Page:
That means you still get the bulletproof ‘4JJ3-TCX’ 3.0-litre four-cylinder turbo diesel engine that was introduced on this model, which produces 140kW at 3600rpm and 450Nm from 1600-2600rpm – right where you want it for towing or hauling a heavy payload. In the X-Terrain, a six-speed Aisin automatic transmission and selectable four-wheel drive with a rear diff-lock is standard.

Worth adding here is that a new 1.9-litre twin-turbo diesel engine has been added to the Isuzu D-Max for 2022. It’s only in the entry-level SX Single Cab variant, but will likely be the engine other markets like the UK receive range-wide. We’ll report more on that when we can get our hands on one.

As far as this X-Terrain and the rest of the range is concerned, though, the D-Max remains one of the most pleasant utes to drive out there. With its smooth power delivery and incredibly usable torque, it might be a bit behind the class leaders in terms of grunt, but it rarely leaves you wanting for much more, especially given the power is available where it matters the most.

The six-speed auto remains a slick unit, with the improved shift logic of this compared to in last-gen models helping it feel far more drivable and responsive. Factor in the four-wheel drive system, rear locker, and the D-Max’s 240mm of ground clearance, and it’s just as good an off-roader as ever as well.

Admittedly, I’d love to see it sporting some all-terrain rubber like the similarly-priced Nissan Navara PRO-4X as the highway-terrain tyres are the one off-road let-down, but those really looking to take theirs on the rough stuff will no doubt add them themselves.

The H/Ts do at least make sense when you consider the distinctly sporty feel of the D-Max – that is, in comparison to other utes. The steering is tight and responsive, and the ride nicely balances comfort and lateral body control, giving you more confidence behind the wheel than many utes offer.

Given the Drive Section team has racked up thousands of kays in the current D-Max off-road, on road trips, and putting in some hard yakka, I already knew what I was in for with this 2022 update, so it’s safe to say I wasn’t surprised nor disappointed with the behind-the-wheel experience.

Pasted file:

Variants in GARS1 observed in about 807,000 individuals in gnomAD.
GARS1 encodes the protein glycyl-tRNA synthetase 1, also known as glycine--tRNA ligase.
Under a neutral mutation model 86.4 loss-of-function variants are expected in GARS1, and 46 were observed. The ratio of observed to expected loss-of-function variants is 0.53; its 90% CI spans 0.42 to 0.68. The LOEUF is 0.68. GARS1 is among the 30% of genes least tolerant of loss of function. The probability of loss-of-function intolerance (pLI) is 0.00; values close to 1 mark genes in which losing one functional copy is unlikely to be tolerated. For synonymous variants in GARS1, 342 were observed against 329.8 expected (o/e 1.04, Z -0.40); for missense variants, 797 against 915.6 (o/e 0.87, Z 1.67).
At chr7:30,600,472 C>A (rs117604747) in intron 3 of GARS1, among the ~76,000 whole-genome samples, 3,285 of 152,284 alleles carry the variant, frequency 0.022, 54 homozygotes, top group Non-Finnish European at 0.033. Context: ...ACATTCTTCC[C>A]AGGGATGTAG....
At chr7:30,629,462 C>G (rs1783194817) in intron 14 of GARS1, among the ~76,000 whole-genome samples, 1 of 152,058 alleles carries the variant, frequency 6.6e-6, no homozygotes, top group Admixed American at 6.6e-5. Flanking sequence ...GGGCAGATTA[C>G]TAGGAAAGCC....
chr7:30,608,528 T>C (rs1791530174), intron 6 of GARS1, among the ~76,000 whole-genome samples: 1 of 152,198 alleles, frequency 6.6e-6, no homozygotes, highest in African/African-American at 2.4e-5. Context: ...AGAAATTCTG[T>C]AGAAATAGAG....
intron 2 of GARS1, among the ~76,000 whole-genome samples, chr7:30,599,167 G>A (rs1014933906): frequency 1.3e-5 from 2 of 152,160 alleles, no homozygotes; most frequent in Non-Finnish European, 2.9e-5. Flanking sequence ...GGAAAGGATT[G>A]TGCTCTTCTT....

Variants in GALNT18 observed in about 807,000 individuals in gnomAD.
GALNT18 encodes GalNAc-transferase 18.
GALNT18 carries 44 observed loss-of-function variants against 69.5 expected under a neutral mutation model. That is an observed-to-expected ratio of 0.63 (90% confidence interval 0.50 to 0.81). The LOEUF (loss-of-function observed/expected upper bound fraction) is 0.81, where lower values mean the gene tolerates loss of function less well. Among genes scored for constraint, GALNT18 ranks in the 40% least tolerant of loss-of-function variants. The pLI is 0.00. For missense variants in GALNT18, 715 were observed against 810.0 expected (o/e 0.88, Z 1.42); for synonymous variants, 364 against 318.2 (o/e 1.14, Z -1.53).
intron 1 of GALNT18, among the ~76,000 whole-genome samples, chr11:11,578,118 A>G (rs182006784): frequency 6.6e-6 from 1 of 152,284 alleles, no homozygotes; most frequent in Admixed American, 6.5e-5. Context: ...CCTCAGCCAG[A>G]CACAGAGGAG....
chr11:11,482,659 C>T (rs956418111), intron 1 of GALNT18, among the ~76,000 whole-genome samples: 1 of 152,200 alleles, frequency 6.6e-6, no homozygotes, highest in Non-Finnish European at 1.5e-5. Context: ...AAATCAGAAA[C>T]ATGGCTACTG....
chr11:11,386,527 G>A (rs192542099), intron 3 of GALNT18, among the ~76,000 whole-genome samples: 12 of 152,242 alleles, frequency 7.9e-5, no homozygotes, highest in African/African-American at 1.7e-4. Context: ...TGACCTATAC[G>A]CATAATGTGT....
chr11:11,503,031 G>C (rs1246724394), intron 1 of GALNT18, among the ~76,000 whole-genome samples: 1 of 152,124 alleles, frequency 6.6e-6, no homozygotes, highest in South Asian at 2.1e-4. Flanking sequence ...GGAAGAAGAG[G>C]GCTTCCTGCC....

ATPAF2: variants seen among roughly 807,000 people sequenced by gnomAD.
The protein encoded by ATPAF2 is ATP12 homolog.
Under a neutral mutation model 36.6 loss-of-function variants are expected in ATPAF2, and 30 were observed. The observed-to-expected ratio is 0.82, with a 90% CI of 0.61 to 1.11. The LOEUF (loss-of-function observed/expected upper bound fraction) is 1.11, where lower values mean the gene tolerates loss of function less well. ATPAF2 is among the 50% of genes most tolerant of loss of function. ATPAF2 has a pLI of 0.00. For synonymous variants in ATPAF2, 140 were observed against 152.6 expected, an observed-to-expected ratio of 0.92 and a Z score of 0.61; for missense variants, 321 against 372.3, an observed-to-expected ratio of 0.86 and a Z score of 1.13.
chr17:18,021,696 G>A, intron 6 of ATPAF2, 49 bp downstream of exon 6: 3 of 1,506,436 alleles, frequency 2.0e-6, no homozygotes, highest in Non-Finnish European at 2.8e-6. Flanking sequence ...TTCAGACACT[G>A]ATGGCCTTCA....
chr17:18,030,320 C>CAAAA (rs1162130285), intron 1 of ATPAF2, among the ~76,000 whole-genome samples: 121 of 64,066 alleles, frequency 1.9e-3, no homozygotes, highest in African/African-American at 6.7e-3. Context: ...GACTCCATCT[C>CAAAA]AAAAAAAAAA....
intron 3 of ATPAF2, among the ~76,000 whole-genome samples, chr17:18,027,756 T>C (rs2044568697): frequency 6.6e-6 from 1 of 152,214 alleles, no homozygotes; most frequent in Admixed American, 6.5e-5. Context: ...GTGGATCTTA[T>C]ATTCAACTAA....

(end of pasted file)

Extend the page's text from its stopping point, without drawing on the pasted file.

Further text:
What I am impressed by, though, is Isuzu’s willingness to listen to feedback and retool its lineup and offerings to address complaints and change them for the better. With just a few minor but incredibly thoughtful touches, it’s made this D-Max X-Terrain range-topper go from a dressed-up ute with leather seats to something that feels like a deliberate and thoughtful package.

Given the $62,990 drive-away deal offered on this range-topper, it might be $4000 dearer than when this model launched, but it’s still realistically cheaper once you’re out the door than the lesser LS-U Auto and new LS-U+ variants would be.

Previously, I’d have said to just stick with the LS-U and kit it out however you’d want it yourself. Now, though, the X-Terrain really feels like the full quid. Kudos, Isuzu – this ticks just about every box I hoped it would.

2022 Isuzu D-Max X-Terrain List Price: $65,990 | Drive-Away: $62,990
  • 8/10
    Performance - 8/10
  • 8.5/10
    Ride & Handling - 8.5/10
  • 9/10
    Tech & Features - 9/10
  • 8.5/10
    Practicality - 8.5/10
  • 8/10
    Value for Money - 8/10

Pros: Interior finally feels the part thanks to contrast stitching and bespoke gauge cluster, heated seats are a highly-desired addition, looks and feels sportier than most utes
Cons: Price increase, still no wireless phone charging, could do with some extra grunt by now to keep up with the competition

In a nutshell: With a refreshed interior that feels far more special than before, the 2022 Isuzu D-Max X-Terrain finally feels the full quid. Displaying its prowess both on- and off-road, you really can’t go wrong with this thing. 

Full Disclosure: The vehicle tested here was provided by Isuzu UTE Australia for three weeks with a full tank of fuel.

Patrick Jackson
Latest posts by Patrick Jackson (see all)
Share this article: